Drilling in this area of "Hydrothermal Transition" will address numerous fundamental questions about lateral fluid and heat transport and about the physical and chemical alteration of the crust that results from water-rock interaction. Specific questions include:
2. What is the source and magnitude of the pressure gradient that drives the flow?
3. How do the changes in fluid chemistry and temperature with distance from sediment-free areas affect the nature of rock alteration?
4. What is the dominant factor responsible for the increase in upper crustal velocity?
5. Is there an accompanying decrease in permeability?
6. At what rate does the alteration take place?
Topographically Enhanced Fluid Flow
At a point roughly 100 km from the ridge axis, there is an abrupt change from the region of relatively smooth basement, typified by the "Lithospheric Heat Flow" drilling site discussed below, to a region where the basement surface is much more rugged. In this region, basement topography consists primarily of linear ridges and troughs produced by block faulting and by variations in volcanic supply at the time the seafloor was created. Local relief between ridges and troughs of 300 to 500 m is common, and major ridges are separated typically by 3-7 km (e.g., Fig. 6A, 6B, 6C). All of this relief is now buried by the turbidites of Cascadia Basin. The tops of two ridges lie a few tens to a few hundreds of meters below the sediment surface. At three locations along these ridges, small volcanic edifices rise above the sediment surface to form small, isolated basement outcrops (Figs. 7, 8).
It has long been suggested that basement topography and local basement outcrops play a key role in seafloor hydrogeology by serving to enhance buoyancy-driven flow (e.g., Fisher et al., 1990; Fisher and Becker, 1995; Hartline and Lister, 1981; Lowell, 1980) and to focus flow from the igneous crust into the oceans (e.g., Lister, 1972; Davis and Becker, 1994). The simplicity of the local structure and the small size of the volcanic outcrops in this part of the east flank of the Juan de Fuca Ridge make the area an ideal target for seafloor studies. Results of a series of systematic surveys have confirmed several things about fluid flow in the crust and discharge through the seafloor in this environment:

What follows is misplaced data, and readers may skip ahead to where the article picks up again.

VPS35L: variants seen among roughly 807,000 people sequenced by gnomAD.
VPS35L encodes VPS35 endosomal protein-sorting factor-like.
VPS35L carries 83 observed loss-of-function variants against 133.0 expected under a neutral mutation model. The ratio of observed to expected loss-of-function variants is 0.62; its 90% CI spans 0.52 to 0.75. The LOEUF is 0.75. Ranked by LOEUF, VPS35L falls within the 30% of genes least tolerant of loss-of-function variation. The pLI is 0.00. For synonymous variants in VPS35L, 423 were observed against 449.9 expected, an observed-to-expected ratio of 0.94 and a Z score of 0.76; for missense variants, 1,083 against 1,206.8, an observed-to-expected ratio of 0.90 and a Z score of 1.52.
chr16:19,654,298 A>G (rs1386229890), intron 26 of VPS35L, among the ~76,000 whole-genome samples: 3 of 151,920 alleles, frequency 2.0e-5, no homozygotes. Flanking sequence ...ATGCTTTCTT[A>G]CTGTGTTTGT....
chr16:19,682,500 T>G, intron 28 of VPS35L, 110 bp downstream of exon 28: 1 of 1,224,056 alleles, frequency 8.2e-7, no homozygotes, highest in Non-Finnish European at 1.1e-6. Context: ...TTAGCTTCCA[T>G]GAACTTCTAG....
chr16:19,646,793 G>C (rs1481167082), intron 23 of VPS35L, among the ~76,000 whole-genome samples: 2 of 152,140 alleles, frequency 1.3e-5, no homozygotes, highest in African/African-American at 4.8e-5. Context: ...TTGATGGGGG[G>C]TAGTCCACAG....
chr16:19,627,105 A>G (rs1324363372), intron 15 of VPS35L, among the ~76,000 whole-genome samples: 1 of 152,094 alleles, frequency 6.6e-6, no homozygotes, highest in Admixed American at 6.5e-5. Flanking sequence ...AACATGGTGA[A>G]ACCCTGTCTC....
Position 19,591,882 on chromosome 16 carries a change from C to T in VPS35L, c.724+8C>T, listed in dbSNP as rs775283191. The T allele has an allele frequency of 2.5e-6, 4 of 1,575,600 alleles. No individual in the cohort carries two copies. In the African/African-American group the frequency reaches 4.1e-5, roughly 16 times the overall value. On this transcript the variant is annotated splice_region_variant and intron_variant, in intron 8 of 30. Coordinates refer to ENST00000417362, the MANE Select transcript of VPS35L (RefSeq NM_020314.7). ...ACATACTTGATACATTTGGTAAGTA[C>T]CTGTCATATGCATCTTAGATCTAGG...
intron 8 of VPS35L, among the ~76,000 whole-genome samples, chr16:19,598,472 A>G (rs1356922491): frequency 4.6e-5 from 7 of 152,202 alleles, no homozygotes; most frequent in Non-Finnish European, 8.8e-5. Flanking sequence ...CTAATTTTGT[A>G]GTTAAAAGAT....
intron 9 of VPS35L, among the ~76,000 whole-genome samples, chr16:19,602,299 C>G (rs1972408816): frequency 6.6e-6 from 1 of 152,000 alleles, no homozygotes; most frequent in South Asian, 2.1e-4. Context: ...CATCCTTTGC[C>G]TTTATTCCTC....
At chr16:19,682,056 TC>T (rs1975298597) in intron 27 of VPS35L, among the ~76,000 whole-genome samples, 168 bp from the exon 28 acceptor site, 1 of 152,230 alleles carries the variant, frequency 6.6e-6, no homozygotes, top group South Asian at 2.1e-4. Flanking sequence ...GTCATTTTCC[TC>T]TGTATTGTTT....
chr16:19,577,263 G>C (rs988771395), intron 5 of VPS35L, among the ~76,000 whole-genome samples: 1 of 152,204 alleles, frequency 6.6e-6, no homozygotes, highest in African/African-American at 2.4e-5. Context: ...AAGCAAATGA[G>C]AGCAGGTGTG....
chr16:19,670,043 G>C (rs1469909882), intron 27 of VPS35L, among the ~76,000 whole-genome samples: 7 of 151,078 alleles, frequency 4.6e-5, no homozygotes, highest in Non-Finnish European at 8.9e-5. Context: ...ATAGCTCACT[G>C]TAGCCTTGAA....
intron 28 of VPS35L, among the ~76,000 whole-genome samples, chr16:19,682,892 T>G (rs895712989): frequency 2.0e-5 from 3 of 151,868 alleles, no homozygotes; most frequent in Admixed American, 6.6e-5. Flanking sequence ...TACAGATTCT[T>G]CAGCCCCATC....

2. In the few locations where samples could be obtained, basement-fluid compositions also appear locally homogeneous (Mottl and Wheat, 1994).
3. Fluids leak through the sediment "seal" above buried basement ridges at geochemically detectable rates (<1 to tens of mm/y) that are inversely proportional to the local sediment thickness (Davis et al., 1992).
4. Fluids flow through the basement outcrops at rates sufficient to generate detectable thermal, chemical, and light transmissivity anomalies in the water column (Thomson et al., 1995).
5. Discharge through the outcrop has been sufficiently long-lived to allow significant hydrothermal precipitates to accumulate. Cores from the outcrop have recovered green clay, semilithified black ferromanganese crusts and layers, and reddish iron oxides in indurated sediment (Mottl et al., 1993).
6. The thermal structures of all three basement outcrops are fundamentally the same, allowing us to conclude that upflow and discharge not only are stable and long-lived, but also are a general consequence of the permeability and temperature structure of what we referred to as "Permeable Penetrators" (Figs.7, 8).
Examples of topographically influenced circulation within the upper igneous crust occur on the Costa Rica Rift flank (holes in the vicinity of and including Hole 504B; e.g., Langseth et al., 1988; Mottl et al., 1989), and possibly on the northern flank of the Galapagos spreading center (Green et al., 1981). Again, the high degree of burial makes the Juan de Fuca Ridge flank an exaggerated example of topographically influenced fluid flow, but one that is ideally suited to the study planned for Leg 168.
Whereas the general characteristics of fluid flow within the crust and through the seafloor in this environment are reasonably well constrained, proper quantification of the hydrologic regime and elucidation of the consequences of fluid flow require drilling. With the array of holes planned, the following questions can be addressed: